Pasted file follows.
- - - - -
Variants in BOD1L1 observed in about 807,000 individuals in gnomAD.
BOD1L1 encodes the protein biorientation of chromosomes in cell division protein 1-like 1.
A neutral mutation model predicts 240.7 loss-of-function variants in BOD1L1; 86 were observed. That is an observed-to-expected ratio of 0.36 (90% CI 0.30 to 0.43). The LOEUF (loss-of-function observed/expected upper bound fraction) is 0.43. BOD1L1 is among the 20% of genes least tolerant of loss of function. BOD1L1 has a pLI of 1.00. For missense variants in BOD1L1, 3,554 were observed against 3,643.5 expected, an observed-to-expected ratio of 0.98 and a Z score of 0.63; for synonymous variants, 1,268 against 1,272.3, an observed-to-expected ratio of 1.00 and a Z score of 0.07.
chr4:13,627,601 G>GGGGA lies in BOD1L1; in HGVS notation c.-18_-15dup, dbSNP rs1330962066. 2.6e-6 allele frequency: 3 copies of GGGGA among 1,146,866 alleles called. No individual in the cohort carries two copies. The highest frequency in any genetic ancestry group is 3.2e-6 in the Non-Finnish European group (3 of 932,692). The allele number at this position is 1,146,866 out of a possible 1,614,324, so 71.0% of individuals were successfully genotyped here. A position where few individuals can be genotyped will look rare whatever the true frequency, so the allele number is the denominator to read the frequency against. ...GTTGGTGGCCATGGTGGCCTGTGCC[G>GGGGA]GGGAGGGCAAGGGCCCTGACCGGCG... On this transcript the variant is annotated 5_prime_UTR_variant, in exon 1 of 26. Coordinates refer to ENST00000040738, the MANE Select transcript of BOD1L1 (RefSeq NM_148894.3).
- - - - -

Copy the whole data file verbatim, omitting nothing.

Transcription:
Variants in BOD1L1 observed in about 807,000 individuals in gnomAD.
BOD1L1 encodes the protein biorientation of chromosomes in cell division protein 1-like 1.
A neutral mutation model predicts 240.7 loss-of-function variants in BOD1L1; 86 were observed. That is an observed-to-expected ratio of 0.36 (90% CI 0.30 to 0.43). The LOEUF (loss-of-function observed/expected upper bound fraction) is 0.43. BOD1L1 is among the 20% of genes least tolerant of loss of function. BOD1L1 has a pLI of 1.00. For missense variants in BOD1L1, 3,554 were observed against 3,643.5 expected, an observed-to-expected ratio of 0.98 and a Z score of 0.63; for synonymous variants, 1,268 against 1,272.3, an observed-to-expected ratio of 1.00 and a Z score of 0.07.
chr4:13,627,601 G>GGGGA lies in BOD1L1; in HGVS notation c.-18_-15dup, dbSNP rs1330962066. 2.6e-6 allele frequency: 3 copies of GGGGA among 1,146,866 alleles called. No individual in the cohort carries two copies. The highest frequency in any genetic ancestry group is 3.2e-6 in the Non-Finnish European group (3 of 932,692). The allele number at this position is 1,146,866 out of a possible 1,614,324, so 71.0% of individuals were successfully genotyped here. A position where few individuals can be genotyped will look rare whatever the true frequency, so the allele number is the denominator to read the frequency against. ...GTTGGTGGCCATGGTGGCCTGTGCC[G>GGGGA]GGGAGGGCAAGGGCCCTGACCGGCG... On this transcript the variant is annotated 5_prime_UTR_variant, in exon 1 of 26. Coordinates refer to ENST00000040738, the MANE Select transcript of BOD1L1 (RefSeq NM_148894.3).